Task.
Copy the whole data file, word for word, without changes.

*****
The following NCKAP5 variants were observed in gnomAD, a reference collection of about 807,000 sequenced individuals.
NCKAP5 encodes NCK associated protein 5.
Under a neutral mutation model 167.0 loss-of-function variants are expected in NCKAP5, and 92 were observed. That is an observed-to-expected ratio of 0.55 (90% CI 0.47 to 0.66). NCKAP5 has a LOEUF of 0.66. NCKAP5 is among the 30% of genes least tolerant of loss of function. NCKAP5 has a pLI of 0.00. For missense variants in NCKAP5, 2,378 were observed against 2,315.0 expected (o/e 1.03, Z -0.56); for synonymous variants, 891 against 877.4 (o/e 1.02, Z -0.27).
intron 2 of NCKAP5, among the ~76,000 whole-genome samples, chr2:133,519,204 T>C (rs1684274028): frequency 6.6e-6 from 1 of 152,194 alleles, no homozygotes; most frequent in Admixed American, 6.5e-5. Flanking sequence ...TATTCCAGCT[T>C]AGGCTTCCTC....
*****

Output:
The following NCKAP5 variants were observed in gnomAD, a reference collection of about 807,000 sequenced individuals.
NCKAP5 encodes NCK associated protein 5.
Under a neutral mutation model 167.0 loss-of-function variants are expected in NCKAP5, and 92 were observed. That is an observed-to-expected ratio of 0.55 (90% CI 0.47 to 0.66). NCKAP5 has a LOEUF of 0.66. NCKAP5 is among the 30% of genes least tolerant of loss of function. NCKAP5 has a pLI of 0.00. For missense variants in NCKAP5, 2,378 were observed against 2,315.0 expected (o/e 1.03, Z -0.56); for synonymous variants, 891 against 877.4 (o/e 1.02, Z -0.27).
intron 2 of NCKAP5, among the ~76,000 whole-genome samples, chr2:133,519,204 T>C (rs1684274028): frequency 6.6e-6 from 1 of 152,194 alleles, no homozygotes; most frequent in Admixed American, 6.5e-5. Flanking sequence ...TATTCCAGCT[T>C]AGGCTTCCTC....